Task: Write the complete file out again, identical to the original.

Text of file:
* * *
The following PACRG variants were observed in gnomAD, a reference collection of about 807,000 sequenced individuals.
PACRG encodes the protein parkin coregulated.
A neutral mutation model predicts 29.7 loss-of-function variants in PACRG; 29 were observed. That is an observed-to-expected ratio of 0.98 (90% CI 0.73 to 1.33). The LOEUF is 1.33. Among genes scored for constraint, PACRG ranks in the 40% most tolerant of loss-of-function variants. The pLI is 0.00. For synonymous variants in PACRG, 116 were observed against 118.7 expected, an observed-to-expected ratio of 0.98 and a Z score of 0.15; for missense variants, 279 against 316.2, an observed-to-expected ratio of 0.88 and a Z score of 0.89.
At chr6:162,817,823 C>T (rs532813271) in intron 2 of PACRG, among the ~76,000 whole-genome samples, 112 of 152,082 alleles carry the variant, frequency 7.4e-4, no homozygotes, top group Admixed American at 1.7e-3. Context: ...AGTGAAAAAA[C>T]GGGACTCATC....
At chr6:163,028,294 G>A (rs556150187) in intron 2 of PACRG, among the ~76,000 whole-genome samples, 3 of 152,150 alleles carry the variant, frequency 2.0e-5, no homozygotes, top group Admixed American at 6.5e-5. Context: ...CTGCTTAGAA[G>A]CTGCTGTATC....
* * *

The following PACRG variants were observed in gnomAD, a reference collection of about 807,000 sequenced individuals.
PACRG encodes the protein parkin coregulated.
A neutral mutation model predicts 29.7 loss-of-function variants in PACRG; 29 were observed. That is an observed-to-expected ratio of 0.98 (90% CI 0.73 to 1.33). The LOEUF is 1.33. Among genes scored for constraint, PACRG ranks in the 40% most tolerant of loss-of-function variants. The pLI is 0.00. For synonymous variants in PACRG, 116 were observed against 118.7 expected, an observed-to-expected ratio of 0.98 and a Z score of 0.15; for missense variants, 279 against 316.2, an observed-to-expected ratio of 0.88 and a Z score of 0.89.
At chr6:162,817,823 C>T (rs532813271) in intron 2 of PACRG, among the ~76,000 whole-genome samples, 112 of 152,082 alleles carry the variant, frequency 7.4e-4, no homozygotes, top group Admixed American at 1.7e-3. Context: ...AGTGAAAAAA[C>T]GGGACTCATC....
At chr6:163,028,294 G>A (rs556150187) in intron 2 of PACRG, among the ~76,000 whole-genome samples, 3 of 152,150 alleles carry the variant, frequency 2.0e-5, no homozygotes, top group Admixed American at 6.5e-5. Context: ...CTGCTTAGAA[G>A]CTGCTGTATC....